Land Acknowledgement


It is with gratitude that I acknowledge the land I am living and working on is the traditional territory of many nations including the Mississaugas of the Credit, the Anishnabeg, the Chippewa, the Haudenosaunee and the Wendat peoples and is now home to many diverse First Nations, Inuit and Métis peoples.

I also acknowledge that Toronto is covered by Treaty 13 with the Mississaugas of the Credit.


My maternal great grandparents arrived here from Ukraine in 1895 and settled in Alberta to farm the land. My paternal ancestors left Scotland to build their lives in the 1900s. It is due to their dreams and their fortitude that I was born here in Canada, and for that I am grateful.

For the animals, who were here first

As I sit by the sewing machine, I gaze out the window and watch as a Red-tailed hawk glides by, searching for his midday meal.

I am in downtown Toronto (Tkaronto), and yet the wildlife is abundant.

A flock of pigeons gather in the park a block away, a second one has claimed the block on Parliament by Cole Street as theirs. I have watched a pair of Kestrels teach their fledgling to fly from the roof of a neighbouring condo building and witnessed her joy as she found her wings in the air. A group of Canada Geese have made the grounds of an empty lot to the south of me their feeding area, and a family of mice scurry through the bushes in a planter next to the street I walk down to go to work.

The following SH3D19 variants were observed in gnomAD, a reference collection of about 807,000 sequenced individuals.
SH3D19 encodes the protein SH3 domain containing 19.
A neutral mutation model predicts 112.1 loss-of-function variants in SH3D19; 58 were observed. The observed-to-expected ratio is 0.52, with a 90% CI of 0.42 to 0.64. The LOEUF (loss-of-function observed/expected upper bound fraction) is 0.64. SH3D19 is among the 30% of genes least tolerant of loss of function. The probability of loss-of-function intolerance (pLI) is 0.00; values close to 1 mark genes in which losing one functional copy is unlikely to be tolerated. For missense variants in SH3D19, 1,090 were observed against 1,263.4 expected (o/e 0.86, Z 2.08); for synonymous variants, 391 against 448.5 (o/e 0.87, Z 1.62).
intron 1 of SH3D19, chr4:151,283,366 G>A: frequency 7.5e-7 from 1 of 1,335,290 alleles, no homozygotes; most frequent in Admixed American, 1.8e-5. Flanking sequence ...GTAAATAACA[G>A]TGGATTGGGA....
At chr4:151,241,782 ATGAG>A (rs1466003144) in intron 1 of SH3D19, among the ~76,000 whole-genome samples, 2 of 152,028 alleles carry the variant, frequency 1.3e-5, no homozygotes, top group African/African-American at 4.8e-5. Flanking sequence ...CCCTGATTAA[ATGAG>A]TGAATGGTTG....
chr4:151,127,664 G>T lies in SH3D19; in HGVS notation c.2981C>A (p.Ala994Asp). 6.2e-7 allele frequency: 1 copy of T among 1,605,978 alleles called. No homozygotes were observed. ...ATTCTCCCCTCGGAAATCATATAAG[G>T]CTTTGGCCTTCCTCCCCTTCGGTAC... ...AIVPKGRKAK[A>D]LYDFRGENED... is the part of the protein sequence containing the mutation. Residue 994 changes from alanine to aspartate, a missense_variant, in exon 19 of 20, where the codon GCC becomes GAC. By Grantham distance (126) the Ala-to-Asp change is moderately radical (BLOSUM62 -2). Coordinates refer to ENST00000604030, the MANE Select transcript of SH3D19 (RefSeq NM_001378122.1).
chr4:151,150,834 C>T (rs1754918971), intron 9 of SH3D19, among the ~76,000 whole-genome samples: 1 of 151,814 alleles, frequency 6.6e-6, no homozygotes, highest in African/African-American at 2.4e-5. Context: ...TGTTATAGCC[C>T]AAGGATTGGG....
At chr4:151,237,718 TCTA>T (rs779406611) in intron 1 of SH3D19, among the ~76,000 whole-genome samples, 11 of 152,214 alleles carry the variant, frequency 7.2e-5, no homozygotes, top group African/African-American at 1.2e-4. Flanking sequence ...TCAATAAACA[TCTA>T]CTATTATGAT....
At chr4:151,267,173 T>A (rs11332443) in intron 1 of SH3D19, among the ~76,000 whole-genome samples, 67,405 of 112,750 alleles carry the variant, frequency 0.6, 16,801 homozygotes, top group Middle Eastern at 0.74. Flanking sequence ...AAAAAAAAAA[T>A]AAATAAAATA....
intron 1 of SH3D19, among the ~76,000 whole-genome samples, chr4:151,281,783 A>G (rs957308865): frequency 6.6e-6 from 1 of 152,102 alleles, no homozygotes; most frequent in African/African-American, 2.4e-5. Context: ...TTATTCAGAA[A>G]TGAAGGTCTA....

I have seen a baby raccoon sleeping in a tree while I wait for the streetcar and others walking the perimeters of buildings late at night. Squirrels grunt from within the cover of trees and starlings saunter about the rooftop garden of my building, clearly owning it.

A male house sparrow calls from the roof to his mate and a male house finch sings his sweet song “for the ladies”, his rosy head a bright spot in the tree. There’s a pair of cardinals I listen for whose “chip chip chip” I hear regularly and delight in spotting as I walk through my front door.

All these animals who I see from my window and during my walks, it is first and foremost to them that I give my gratitude for continuing on with their lives despite my human presence and for providing me with such joy.

For the animals, who were here first, I am working to make my step on this planet as light as possible. By continuing to learn how the Indigenous people–who lived alongside the animals long before my ancestors ever arrived here in North America (Turtle Island)–maintain a respectful harmony with them, I trust I will be able to do so, as well.